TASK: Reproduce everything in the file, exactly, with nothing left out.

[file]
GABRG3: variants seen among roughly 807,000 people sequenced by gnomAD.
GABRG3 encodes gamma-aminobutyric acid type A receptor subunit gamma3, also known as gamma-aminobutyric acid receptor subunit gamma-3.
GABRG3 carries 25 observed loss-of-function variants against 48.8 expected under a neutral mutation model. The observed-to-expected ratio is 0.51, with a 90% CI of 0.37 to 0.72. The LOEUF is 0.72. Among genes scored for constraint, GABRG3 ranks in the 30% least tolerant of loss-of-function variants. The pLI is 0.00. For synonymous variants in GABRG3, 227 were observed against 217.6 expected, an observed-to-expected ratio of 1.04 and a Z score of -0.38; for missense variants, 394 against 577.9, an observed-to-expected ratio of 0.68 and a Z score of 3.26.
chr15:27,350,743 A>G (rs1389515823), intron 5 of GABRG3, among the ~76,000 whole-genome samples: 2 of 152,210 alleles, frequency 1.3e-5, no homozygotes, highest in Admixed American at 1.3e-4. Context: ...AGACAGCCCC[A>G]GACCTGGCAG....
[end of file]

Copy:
GABRG3: variants seen among roughly 807,000 people sequenced by gnomAD.
GABRG3 encodes gamma-aminobutyric acid type A receptor subunit gamma3, also known as gamma-aminobutyric acid receptor subunit gamma-3.
GABRG3 carries 25 observed loss-of-function variants against 48.8 expected under a neutral mutation model. The observed-to-expected ratio is 0.51, with a 90% CI of 0.37 to 0.72. The LOEUF is 0.72. Among genes scored for constraint, GABRG3 ranks in the 30% least tolerant of loss-of-function variants. The pLI is 0.00. For synonymous variants in GABRG3, 227 were observed against 217.6 expected, an observed-to-expected ratio of 1.04 and a Z score of -0.38; for missense variants, 394 against 577.9, an observed-to-expected ratio of 0.68 and a Z score of 3.26.
chr15:27,350,743 A>G (rs1389515823), intron 5 of GABRG3, among the ~76,000 whole-genome samples: 2 of 152,210 alleles, frequency 1.3e-5, no homozygotes, highest in Admixed American at 1.3e-4. Context: ...AGACAGCCCC[A>G]GACCTGGCAG....